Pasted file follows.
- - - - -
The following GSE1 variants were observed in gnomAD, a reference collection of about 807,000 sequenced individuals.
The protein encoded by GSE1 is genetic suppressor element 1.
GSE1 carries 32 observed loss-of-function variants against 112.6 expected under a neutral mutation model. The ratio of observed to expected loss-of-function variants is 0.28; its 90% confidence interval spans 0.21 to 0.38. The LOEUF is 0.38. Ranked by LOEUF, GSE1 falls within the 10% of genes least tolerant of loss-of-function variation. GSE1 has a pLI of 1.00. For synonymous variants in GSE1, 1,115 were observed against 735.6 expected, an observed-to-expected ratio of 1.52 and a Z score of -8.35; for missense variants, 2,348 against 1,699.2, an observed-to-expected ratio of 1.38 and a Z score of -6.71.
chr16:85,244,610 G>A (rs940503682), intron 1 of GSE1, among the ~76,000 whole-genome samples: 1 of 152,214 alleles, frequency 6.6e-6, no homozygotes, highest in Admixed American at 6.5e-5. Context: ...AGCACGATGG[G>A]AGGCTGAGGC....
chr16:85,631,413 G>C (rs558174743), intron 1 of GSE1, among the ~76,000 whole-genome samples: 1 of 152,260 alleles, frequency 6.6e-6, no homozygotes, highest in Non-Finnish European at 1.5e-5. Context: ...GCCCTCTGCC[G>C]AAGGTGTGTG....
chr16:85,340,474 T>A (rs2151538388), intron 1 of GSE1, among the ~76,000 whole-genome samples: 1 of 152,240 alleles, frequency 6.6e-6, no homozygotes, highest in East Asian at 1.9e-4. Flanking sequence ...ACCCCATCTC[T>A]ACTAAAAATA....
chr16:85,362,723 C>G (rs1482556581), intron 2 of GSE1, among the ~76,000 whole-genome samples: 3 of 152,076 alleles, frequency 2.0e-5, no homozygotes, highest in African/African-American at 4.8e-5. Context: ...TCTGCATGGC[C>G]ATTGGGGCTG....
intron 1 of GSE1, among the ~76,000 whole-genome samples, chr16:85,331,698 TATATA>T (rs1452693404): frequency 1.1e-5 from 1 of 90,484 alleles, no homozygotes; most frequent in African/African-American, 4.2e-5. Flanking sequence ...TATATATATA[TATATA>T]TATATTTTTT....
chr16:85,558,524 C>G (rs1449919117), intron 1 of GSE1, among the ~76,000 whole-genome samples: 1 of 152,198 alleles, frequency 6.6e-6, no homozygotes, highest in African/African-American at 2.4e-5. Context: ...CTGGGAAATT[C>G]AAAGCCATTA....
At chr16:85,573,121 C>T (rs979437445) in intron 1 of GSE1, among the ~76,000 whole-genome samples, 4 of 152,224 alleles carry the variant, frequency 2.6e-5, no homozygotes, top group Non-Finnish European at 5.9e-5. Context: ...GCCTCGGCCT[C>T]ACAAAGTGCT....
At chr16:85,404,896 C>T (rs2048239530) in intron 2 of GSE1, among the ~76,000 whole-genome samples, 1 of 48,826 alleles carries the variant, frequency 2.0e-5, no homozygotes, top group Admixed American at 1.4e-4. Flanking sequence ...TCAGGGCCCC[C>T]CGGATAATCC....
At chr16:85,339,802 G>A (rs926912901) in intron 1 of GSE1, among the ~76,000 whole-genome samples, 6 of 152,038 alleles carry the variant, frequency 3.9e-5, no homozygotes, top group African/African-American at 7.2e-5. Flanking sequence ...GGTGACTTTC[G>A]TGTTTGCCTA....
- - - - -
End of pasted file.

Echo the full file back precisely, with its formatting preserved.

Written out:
The following GSE1 variants were observed in gnomAD, a reference collection of about 807,000 sequenced individuals.
The protein encoded by GSE1 is genetic suppressor element 1.
GSE1 carries 32 observed loss-of-function variants against 112.6 expected under a neutral mutation model. The ratio of observed to expected loss-of-function variants is 0.28; its 90% confidence interval spans 0.21 to 0.38. The LOEUF is 0.38. Ranked by LOEUF, GSE1 falls within the 10% of genes least tolerant of loss-of-function variation. GSE1 has a pLI of 1.00. For synonymous variants in GSE1, 1,115 were observed against 735.6 expected, an observed-to-expected ratio of 1.52 and a Z score of -8.35; for missense variants, 2,348 against 1,699.2, an observed-to-expected ratio of 1.38 and a Z score of -6.71.
chr16:85,244,610 G>A (rs940503682), intron 1 of GSE1, among the ~76,000 whole-genome samples: 1 of 152,214 alleles, frequency 6.6e-6, no homozygotes, highest in Admixed American at 6.5e-5. Context: ...AGCACGATGG[G>A]AGGCTGAGGC....
chr16:85,631,413 G>C (rs558174743), intron 1 of GSE1, among the ~76,000 whole-genome samples: 1 of 152,260 alleles, frequency 6.6e-6, no homozygotes, highest in Non-Finnish European at 1.5e-5. Context: ...GCCCTCTGCC[G>C]AAGGTGTGTG....
chr16:85,340,474 T>A (rs2151538388), intron 1 of GSE1, among the ~76,000 whole-genome samples: 1 of 152,240 alleles, frequency 6.6e-6, no homozygotes, highest in East Asian at 1.9e-4. Flanking sequence ...ACCCCATCTC[T>A]ACTAAAAATA....
chr16:85,362,723 C>G (rs1482556581), intron 2 of GSE1, among the ~76,000 whole-genome samples: 3 of 152,076 alleles, frequency 2.0e-5, no homozygotes, highest in African/African-American at 4.8e-5. Context: ...TCTGCATGGC[C>G]ATTGGGGCTG....
intron 1 of GSE1, among the ~76,000 whole-genome samples, chr16:85,331,698 TATATA>T (rs1452693404): frequency 1.1e-5 from 1 of 90,484 alleles, no homozygotes; most frequent in African/African-American, 4.2e-5. Flanking sequence ...TATATATATA[TATATA>T]TATATTTTTT....
chr16:85,558,524 C>G (rs1449919117), intron 1 of GSE1, among the ~76,000 whole-genome samples: 1 of 152,198 alleles, frequency 6.6e-6, no homozygotes, highest in African/African-American at 2.4e-5. Context: ...CTGGGAAATT[C>G]AAAGCCATTA....
At chr16:85,573,121 C>T (rs979437445) in intron 1 of GSE1, among the ~76,000 whole-genome samples, 4 of 152,224 alleles carry the variant, frequency 2.6e-5, no homozygotes, top group Non-Finnish European at 5.9e-5. Context: ...GCCTCGGCCT[C>T]ACAAAGTGCT....
At chr16:85,404,896 C>T (rs2048239530) in intron 2 of GSE1, among the ~76,000 whole-genome samples, 1 of 48,826 alleles carries the variant, frequency 2.0e-5, no homozygotes, top group Admixed American at 1.4e-4. Flanking sequence ...TCAGGGCCCC[C>T]CGGATAATCC....
At chr16:85,339,802 G>A (rs926912901) in intron 1 of GSE1, among the ~76,000 whole-genome samples, 6 of 152,038 alleles carry the variant, frequency 3.9e-5, no homozygotes, top group African/African-American at 7.2e-5. Flanking sequence ...GGTGACTTTC[G>A]TGTTTGCCTA....